About the project
The PhD project concerns professional understandings- and practices of care for children in public custody, based on a model of public care that combine’s institutional- and family-based care. The focus is on the experiences of children, professionals and others involved, with public care, how ideals and dilemmas of care unfold and are negotiated and manifested in everyday tasks and events, as well as on the more overarching perspectives on care, as expressed in institutional plans, public documents and policy guidelines. The project is a practice research project with an exploratory qualitative design, where several methodological approaches are combined.
Central to the project's justification is the objective of contributing to the (knowledge) development of public child care, with an emphasis on a holistic understanding of children's lives and care conditions. The objective is related to the shift in the organization of public childcare since the welfare reform in 2004. The authorities give directions that foster care should be the preferred option if removal of a child from its parents is considered necessary. A number of child welfare institutions (residential care) have downsized since the reform and, at the same time, there is an increasing concern in the field that too many children with complex difficulties are moved into foster care, and that this can lead to the children having to move too often thus causing them further strain. In research reports and government publications it is pointed out that there is a need to develop more comprehensive models of care for children and young people in public care.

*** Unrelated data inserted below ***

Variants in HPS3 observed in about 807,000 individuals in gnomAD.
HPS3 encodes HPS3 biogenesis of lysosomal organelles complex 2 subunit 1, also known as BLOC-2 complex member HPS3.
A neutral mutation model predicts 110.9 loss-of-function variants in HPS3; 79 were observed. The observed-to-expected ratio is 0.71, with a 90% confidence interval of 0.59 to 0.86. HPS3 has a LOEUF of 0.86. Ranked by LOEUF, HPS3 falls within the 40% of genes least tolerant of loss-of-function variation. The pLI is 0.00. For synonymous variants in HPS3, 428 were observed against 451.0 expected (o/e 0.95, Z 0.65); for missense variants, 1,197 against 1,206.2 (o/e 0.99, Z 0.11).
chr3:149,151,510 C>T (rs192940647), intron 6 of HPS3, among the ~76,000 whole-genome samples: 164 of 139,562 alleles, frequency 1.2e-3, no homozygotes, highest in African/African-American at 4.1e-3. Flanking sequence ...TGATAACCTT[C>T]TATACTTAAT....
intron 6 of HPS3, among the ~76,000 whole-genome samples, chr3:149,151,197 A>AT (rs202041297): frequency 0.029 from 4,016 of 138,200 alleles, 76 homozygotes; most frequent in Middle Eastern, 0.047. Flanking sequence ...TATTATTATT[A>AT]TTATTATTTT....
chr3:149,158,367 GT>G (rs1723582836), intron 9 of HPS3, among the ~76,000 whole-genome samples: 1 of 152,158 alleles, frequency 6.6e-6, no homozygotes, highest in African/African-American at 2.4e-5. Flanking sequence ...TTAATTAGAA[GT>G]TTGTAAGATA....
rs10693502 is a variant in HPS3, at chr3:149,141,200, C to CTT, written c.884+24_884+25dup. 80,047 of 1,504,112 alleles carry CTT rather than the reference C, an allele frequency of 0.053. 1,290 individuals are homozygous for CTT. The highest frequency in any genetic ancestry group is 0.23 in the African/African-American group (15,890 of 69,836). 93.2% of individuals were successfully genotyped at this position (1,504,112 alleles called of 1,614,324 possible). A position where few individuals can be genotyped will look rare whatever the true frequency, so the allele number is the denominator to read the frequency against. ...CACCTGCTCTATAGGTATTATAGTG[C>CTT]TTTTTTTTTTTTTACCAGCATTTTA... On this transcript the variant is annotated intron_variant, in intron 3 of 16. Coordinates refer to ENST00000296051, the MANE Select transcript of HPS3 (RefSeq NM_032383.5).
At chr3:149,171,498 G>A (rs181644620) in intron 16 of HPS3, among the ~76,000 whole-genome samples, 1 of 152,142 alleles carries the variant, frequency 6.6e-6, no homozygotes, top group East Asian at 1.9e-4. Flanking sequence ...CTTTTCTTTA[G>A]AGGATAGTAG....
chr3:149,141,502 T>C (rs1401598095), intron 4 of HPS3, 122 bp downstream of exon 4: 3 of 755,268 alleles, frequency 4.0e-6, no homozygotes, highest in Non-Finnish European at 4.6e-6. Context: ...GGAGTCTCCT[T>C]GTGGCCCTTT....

A research project that is based on a care arrangement that attempts to exceed a dichotomous understanding of public child care services as either institutional- or foster care, can provide important knowledge of how holistic care can be understood and done in practice.
Master of social work, OsloMet